Murphy's Law and Travelling in China

Murphy's Law and Travelling in China

October’s Golden week holiday was fast approaching and we were still undecided on how to spend our week-long break.  We had just come back from our tropical retreat in Hainan and we were hoping to catch some more sun in Thailand or Taiwan.  It didn’t take long, however, to realise that an overseas trip during the Golden week just wasn’t going to be financially feasible.  Airfare, together with every other holiday commodity, had seemingly more than doubled overnight.  So, we decided to make our adventure a local one, exploring the Zhoushan Archipelago.

The main island of the Zhoushan Archipelago is no more than 200 km south of Shanghai.  Even so, we opted to fly, as these tickets were still pretty cheap and it’s only a 40-minute flight.  The short travel time ensured a little extra time to explore.

In the case of most adventures, there exists a rather large possibility that what can go wrong will go wrong.  Murphy’s law doesn’t care about your feelings and it cares even less about your holiday plans.  You can be sure that at least one of the myriad possible calamities, you couldn’t possibly have foreseen, will see itself play out in spectacular fashion.  The same was true for this adventure, or so it seemed.

We had barely sat down and buckled our seat belts on the plane when an announcement filled the cabin.  The stewardess’s voice echoed with a hollow ting.  First in Chinese, to which we paid little attention and then in English.  “Ladies and gentleman, good morning and welcome aboard.”  The oh so familiar safety briefing followed.  My mind drifted as I blankly stared at the flight attendant, at the front of the cabin, dancing to the concise instruction of the hollow voice emanating from the loudspeakers.

I was momentarily brought back to the present when the hollow voice changed.  It was no longer the stewardess speaking, but the pilot.  After a short announcement in Chinese, the pilot switched to English and repeated the information to all the Mandarin impaired individuals.  “Ladies and gentlemen, we are now ready to depart.  Our destination airport is  . . .(some Chinese name, said too quickly for me to follow).  It will be a two-hour flight and we’ll be travelling approximately 1200 kilometres.  Enjoy the flight and feel free to approach our staff if there is anything that you need.”

A wave of pins and needles suddenly washed over my entire body and my stomach performed a range of world-class acrobatic stunts.  My mind was flooded with doubt and a series of questions with terrifying answers raced through my neural pathways.  One thousand two hundred kilometres?  It can’t be that far, can it?  Did we get on the wrong flight?  How could that have happened?  Did we not double check our booking?  Where are we going?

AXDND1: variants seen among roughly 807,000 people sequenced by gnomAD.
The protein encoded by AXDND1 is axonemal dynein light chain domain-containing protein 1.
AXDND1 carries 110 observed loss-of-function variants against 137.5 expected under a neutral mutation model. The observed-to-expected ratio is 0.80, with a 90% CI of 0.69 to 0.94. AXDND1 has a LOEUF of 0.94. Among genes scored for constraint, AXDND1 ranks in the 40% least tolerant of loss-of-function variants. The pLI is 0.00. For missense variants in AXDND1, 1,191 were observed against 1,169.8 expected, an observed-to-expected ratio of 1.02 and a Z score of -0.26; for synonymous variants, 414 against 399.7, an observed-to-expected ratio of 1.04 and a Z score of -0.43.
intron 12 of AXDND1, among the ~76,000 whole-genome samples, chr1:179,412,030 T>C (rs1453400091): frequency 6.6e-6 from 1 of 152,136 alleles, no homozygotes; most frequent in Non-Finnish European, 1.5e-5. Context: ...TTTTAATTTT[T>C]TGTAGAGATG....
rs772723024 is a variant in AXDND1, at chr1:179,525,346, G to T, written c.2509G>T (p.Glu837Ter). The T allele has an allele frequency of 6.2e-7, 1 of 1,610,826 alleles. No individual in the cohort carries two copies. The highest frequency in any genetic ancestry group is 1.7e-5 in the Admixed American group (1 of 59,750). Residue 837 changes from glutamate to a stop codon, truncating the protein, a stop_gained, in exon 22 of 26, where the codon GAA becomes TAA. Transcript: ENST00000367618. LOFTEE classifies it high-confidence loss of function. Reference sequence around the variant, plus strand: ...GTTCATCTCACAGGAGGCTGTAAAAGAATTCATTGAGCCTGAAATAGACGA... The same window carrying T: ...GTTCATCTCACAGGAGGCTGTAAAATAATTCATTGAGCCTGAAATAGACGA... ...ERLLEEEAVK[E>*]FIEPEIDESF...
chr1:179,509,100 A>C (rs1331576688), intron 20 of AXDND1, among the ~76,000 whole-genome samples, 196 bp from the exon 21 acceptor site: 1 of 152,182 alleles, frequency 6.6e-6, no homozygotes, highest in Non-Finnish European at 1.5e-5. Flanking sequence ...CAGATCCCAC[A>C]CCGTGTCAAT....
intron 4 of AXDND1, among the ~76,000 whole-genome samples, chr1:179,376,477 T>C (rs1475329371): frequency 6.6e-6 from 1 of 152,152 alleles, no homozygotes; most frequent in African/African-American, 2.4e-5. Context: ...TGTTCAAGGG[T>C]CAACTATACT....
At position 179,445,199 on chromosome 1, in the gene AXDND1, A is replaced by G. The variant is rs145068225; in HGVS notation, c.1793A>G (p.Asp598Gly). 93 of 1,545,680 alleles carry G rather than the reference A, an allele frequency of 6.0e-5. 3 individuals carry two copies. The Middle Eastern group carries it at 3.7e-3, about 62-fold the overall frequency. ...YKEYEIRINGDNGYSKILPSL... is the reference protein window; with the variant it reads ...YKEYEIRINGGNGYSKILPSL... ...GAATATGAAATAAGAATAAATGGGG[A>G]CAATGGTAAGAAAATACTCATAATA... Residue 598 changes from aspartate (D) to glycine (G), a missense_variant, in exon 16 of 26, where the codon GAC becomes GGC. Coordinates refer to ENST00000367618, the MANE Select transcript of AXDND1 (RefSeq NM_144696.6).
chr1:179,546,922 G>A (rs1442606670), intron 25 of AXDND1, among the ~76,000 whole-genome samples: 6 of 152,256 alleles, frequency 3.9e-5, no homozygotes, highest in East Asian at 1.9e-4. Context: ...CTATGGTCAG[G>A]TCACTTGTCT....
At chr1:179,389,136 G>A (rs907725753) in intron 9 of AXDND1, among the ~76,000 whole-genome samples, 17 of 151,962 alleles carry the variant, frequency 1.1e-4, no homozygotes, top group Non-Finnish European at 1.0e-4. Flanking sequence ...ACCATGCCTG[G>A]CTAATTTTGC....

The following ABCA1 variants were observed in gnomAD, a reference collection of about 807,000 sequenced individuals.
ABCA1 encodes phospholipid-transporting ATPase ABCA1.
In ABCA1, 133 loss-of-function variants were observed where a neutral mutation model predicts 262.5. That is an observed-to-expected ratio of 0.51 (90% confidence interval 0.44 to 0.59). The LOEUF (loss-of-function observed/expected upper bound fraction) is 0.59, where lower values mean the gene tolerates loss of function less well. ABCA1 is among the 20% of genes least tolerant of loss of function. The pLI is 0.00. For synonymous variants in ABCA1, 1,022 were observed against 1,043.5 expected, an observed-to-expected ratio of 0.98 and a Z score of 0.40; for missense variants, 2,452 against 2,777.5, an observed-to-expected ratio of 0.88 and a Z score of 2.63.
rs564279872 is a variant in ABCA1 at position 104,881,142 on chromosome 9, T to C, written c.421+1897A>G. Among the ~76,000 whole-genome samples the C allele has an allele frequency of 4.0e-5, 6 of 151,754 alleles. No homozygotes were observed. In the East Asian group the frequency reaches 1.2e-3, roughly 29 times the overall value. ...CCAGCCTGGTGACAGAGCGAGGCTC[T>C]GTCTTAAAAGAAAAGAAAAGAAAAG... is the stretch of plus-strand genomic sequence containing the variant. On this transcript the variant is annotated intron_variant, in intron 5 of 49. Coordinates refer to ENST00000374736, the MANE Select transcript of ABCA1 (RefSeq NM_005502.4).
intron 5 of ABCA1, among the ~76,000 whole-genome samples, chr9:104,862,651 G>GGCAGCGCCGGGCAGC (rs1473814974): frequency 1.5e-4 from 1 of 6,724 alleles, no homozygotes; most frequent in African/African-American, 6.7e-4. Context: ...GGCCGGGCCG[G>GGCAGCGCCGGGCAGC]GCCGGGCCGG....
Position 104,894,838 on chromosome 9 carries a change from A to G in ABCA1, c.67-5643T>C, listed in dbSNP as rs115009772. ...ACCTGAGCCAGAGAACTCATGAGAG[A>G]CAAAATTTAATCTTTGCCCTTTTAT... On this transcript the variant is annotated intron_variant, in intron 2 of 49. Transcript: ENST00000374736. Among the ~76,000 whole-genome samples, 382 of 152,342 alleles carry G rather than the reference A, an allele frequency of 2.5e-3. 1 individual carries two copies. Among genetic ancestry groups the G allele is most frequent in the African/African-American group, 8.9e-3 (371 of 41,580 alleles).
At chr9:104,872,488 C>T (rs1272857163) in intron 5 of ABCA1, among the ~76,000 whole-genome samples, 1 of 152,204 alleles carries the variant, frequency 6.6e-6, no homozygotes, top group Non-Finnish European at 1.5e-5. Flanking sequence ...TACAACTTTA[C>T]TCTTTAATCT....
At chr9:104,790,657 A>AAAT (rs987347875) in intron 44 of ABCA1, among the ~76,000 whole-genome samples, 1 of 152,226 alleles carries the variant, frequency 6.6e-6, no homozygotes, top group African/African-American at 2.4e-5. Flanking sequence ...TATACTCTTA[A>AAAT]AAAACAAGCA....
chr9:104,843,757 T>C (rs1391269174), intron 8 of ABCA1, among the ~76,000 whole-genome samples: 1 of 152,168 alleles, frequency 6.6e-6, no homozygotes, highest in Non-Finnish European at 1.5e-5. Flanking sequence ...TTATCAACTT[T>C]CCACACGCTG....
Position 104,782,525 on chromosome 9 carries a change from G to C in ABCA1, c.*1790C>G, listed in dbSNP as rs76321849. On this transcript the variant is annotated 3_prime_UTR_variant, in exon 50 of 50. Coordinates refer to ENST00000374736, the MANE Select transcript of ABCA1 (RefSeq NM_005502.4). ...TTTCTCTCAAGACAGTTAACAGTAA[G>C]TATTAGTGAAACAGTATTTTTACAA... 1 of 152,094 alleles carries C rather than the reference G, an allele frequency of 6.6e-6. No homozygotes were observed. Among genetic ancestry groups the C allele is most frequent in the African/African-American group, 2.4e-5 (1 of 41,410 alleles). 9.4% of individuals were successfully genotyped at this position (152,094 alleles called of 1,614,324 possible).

I turned to Adrien who had a look of utter disbelief plastered across her face.  No doubt, the same questions were the cause of her confusion.  I grabbed my ticket and confirmed with her that the name on the ticket matched that of our desired destination airport.  After momentarily relaxing, we realised that neither of us had ever checked the Chinese characters to see whether our booking matched our destination.  A miniature panic attack ensued as the fear of the unknown took hold.

After a few moments of utter confusion and despair, we managed to partially accept our fate.  There wasn’t much we could do at this stage, seeing that we were already hurtling down the runway.  We decided to relax and just go with the flow.  There was no use in fretting and we would reach our destination soon enough.  We also soothed our fears with the hope that there was merely an error in the translation of the announcement.

Apart from the occasional attempt to gauge our direction of travel, we were pretty chilled.  We passed the time with the usual crossword puzzles and reading materials.

By the time we were getting ready to land, we strongly believed that our suspicions of a botched translation were correct.  Upon entering the airport, our suspicions were confirmed and the last few drops of stress evaporated.

We had escaped the clutches of Murphy’s law and postponed the inevitable to another day.  Feeling relieved that it was nothing more than a translation error and that we had safely arrived at our intended destination, I couldn’t help but be a little disappointed.  By no means is it ideal to get on a plane and arrive at the wrong destination, but there is something romantic about the unknown and unplanned.

Nonetheless, we were where we wanted to be and it was time to get on with our adventure in Zhoushan.

Murphy's Law

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